**Short summary**: How do I quickly calculate the finite convolution of two arrays?

# Problem description

I am trying to obtain the finite convolution of two functions f(x), g(x) defined by

To achieve this, I have taken discrete samples of the functions and turned them into arrays of length `steps`

:

```
xarray = [x * i / steps for i in range(steps)]
farray = [f(x) for x in xarray]
garray = [g(x) for x in xarray]
```

I then tried to calculate the convolution using the `scipy.signal.convolve`

function. This function gives the same results as the algorithm `conv`

suggested here. However, the results differ considerably from analytical solutions. Modifying the algorithm `conv`

to use the trapezoidal rule gives the desired results.

To illustrate this, I let

```
f(x) = exp(-x)
g(x) = 2 * exp(-2 * x)
```

the results are:

Here `Riemann`

represents a simple Riemann sum, `trapezoidal`

is a modified version of the Riemann algorithm to use the trapezoidal rule, `scipy.signal.convolve`

is the scipy function and `analytical`

is the analytical convolution.

Now let `g(x) = x^2 * exp(-x)`

and the results become:

Here 'ratio' is the ratio of the values obtained from scipy to the analytical values. The above demonstrates that the problem cannot be solved by renormalising the integral.

# The question

Is it possible to use the speed of scipy but retain the better results of a trapezoidal rule or do I have to write a C extension to achieve the desired results?

# An example

Just copy and paste the code below to see the problem I am encountering. The two results can be brought to closer agreement by increasing the `steps`

variable. I believe that the problem is due to artefacts from right hand Riemann sums because the integral is overestimated when it is increasing and approaches the analytical solution again as it is decreasing.

**EDIT**: I have now included the original algorithm 2 as a comparison which gives the same results as the `scipy.signal.convolve`

function.

```
import numpy as np
import scipy.signal as signal
import matplotlib.pyplot as plt
import math
def convolveoriginal(x, y):
'''
The original algorithm from http://www.physics.rutgers.edu/~masud/computing/WPark_recipes_in_python.html.
'''
P, Q, N = len(x), len(y), len(x) + len(y) - 1
z = []
for k in range(N):
t, lower, upper = 0, max(0, k - (Q - 1)), min(P - 1, k)
for i in range(lower, upper + 1):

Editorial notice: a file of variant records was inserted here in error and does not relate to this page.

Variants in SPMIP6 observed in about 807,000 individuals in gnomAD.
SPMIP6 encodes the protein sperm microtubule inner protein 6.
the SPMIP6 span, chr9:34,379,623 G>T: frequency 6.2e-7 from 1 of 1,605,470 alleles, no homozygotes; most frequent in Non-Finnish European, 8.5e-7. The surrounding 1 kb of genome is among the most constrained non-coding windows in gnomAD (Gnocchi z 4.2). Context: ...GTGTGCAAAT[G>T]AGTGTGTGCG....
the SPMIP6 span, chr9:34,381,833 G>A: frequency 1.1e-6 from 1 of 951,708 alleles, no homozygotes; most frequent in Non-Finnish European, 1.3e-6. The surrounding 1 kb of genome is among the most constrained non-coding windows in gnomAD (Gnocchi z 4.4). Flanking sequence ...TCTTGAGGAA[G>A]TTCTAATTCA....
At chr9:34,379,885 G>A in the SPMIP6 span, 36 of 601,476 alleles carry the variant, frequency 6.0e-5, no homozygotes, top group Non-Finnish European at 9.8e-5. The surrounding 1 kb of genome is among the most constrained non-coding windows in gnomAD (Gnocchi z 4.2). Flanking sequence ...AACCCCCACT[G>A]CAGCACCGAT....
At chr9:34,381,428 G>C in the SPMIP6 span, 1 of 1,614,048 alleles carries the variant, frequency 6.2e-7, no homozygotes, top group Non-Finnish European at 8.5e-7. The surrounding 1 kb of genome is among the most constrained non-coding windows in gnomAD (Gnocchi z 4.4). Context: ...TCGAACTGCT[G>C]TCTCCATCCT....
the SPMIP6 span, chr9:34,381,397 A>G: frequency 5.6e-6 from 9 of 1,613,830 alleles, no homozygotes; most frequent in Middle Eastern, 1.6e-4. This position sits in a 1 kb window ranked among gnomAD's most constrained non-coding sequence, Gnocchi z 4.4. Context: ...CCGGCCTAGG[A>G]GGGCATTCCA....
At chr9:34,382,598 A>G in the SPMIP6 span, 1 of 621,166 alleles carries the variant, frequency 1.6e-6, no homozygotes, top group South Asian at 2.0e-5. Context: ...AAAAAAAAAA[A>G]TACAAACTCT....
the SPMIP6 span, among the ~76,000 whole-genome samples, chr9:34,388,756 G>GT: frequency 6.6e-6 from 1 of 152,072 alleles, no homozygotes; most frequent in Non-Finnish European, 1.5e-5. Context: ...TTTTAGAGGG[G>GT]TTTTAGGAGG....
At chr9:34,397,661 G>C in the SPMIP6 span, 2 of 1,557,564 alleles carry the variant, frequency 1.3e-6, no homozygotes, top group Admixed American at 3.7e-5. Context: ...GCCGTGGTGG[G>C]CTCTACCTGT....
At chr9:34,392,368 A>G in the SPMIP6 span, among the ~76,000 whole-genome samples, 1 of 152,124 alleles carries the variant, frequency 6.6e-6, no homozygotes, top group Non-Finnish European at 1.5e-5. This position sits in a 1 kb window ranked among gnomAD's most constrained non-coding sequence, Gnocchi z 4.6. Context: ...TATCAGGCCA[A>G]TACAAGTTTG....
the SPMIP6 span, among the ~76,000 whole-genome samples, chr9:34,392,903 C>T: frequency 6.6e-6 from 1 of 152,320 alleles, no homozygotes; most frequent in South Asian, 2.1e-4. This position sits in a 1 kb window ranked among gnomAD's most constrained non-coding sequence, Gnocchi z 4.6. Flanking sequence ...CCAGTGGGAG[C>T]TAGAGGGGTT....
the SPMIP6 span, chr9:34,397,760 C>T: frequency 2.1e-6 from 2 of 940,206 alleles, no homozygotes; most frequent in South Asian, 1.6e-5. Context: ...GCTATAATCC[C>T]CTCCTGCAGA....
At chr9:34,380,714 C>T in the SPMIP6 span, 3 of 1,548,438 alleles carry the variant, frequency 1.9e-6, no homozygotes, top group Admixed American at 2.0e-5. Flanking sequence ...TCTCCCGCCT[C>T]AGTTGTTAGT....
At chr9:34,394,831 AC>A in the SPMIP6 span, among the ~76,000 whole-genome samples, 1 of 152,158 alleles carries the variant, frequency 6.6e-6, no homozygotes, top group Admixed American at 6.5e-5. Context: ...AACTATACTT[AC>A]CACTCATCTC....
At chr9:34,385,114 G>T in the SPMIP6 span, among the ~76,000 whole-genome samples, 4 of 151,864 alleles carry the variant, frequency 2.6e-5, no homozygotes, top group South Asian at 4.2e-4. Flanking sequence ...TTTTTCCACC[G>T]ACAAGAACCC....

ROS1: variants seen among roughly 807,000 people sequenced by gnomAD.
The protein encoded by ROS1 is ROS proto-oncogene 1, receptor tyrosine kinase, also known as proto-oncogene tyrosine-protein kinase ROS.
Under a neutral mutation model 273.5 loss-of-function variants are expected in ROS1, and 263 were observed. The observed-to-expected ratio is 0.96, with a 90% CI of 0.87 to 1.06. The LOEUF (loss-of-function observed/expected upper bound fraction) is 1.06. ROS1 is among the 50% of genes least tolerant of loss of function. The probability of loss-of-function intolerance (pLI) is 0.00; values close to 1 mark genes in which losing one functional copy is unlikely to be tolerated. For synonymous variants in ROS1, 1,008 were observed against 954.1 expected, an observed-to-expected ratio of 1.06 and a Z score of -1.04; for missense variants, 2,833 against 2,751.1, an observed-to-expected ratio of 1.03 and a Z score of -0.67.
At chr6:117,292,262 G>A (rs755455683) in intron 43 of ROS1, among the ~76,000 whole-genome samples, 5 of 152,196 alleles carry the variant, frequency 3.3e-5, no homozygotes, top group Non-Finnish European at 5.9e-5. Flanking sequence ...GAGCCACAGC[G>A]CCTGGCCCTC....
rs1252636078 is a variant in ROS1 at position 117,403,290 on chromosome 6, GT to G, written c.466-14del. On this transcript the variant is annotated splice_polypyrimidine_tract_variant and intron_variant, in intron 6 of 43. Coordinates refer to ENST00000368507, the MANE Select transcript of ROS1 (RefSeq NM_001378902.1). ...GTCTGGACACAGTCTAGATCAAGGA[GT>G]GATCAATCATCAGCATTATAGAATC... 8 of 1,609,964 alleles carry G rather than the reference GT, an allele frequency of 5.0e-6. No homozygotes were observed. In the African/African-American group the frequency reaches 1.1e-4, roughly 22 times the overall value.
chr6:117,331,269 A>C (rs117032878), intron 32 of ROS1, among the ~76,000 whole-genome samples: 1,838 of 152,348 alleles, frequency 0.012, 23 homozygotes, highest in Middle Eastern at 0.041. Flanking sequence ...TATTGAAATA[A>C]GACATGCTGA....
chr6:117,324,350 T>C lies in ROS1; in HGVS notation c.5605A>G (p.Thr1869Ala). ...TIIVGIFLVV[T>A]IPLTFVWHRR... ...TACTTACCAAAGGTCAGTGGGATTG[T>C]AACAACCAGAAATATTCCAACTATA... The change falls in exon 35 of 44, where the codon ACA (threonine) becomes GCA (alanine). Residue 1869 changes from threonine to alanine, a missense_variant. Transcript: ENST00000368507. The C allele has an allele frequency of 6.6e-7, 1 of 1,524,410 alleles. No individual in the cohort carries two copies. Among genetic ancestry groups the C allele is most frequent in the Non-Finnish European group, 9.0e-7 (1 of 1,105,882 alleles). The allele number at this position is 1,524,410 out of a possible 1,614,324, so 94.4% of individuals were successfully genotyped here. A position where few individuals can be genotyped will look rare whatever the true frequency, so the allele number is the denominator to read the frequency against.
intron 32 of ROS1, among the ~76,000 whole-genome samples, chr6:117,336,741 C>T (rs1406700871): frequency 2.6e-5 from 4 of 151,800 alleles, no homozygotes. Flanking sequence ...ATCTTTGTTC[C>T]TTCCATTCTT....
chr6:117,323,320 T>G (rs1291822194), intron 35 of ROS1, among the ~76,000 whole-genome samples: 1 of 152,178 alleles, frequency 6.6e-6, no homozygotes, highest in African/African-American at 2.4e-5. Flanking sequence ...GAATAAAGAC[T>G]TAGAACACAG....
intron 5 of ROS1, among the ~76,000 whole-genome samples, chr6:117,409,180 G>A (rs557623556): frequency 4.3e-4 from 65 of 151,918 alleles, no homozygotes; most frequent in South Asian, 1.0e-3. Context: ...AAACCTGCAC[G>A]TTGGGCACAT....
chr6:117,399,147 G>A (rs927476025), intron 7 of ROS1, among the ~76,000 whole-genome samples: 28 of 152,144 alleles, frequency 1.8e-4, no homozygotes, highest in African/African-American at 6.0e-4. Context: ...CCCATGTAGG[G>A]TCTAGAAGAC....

t = t + x[i] * y[k - i]
z.append(t)
return np.array(z) #Modified to include conversion to numpy array
def convolve(y1, y2, dx = None):
'''
Compute the finite convolution of two signals of equal length.
@param y1: First signal.
@param y2: Second signal.
@param dx: [optional] Integration step width.
@note: Based on the algorithm at http://www.physics.rutgers.edu/~masud/computing/WPark_recipes_in_python.html.
'''
P = len(y1) #Determine the length of the signal
z = [] #Create a list of convolution values
for k in range(P):
t = 0
lower = max(0, k - (P - 1))
upper = min(P - 1, k)
for i in range(lower, upper):
t += (y1[i] * y2[k - i] + y1[i + 1] * y2[k - (i + 1)]) / 2
z.append(t)
z = np.array(z) #Convert to a numpy array
if dx != None: #Is a step width specified?
z *= dx
return z
steps = 50 #Number of integration steps
maxtime = 5 #Maximum time
dt = float(maxtime) / steps #Obtain the width of a time step
time = [dt * i for i in range (steps)] #Create an array of times
exp1 = [math.exp(-t) for t in time] #Create an array of function values
exp2 = [2 * math.exp(-2 * t) for t in time]
#Calculate the analytical expression
analytical = [2 * math.exp(-2 * t) * (-1 + math.exp(t)) for t in time]
#Calculate the trapezoidal convolution
trapezoidal = convolve(exp1, exp2, dt)
#Calculate the scipy convolution
sci = signal.convolve(exp1, exp2, mode = 'full')
#Slice the first half to obtain the causal convolution and multiply by dt
#to account for the step width
sci = sci[0:steps] * dt
#Calculate the convolution using the original Riemann sum algorithm
riemann = convolveoriginal(exp1, exp2)
riemann = riemann[0:steps] * dt
#Plot
plt.plot(time, analytical, label = 'analytical')
plt.plot(time, trapezoidal, 'o', label = 'trapezoidal')
plt.plot(time, riemann, 'o', label = 'Riemann')
plt.plot(time, sci, '.', label = 'scipy.signal.convolve')
plt.legend()
plt.show()
```

Thank you for your time!

`sci`

array to the right (by one step) and normalize it then the solutions look similar:`sci = np.r_[0,sci[:steps-1]]*0.86`

. It seems there are different definitions of what`convolve()`

means (fft, circular), see discussion in Convolution computations in Numpy/Scipy. – J.F. Sebastian Jan 16 '12 at 18:44`0.86`

:`trapezoidal[1:]/sci[:-1]`

. It shows only that the same constant factor works for all points. – J.F. Sebastian Jan 17 '12 at 0:05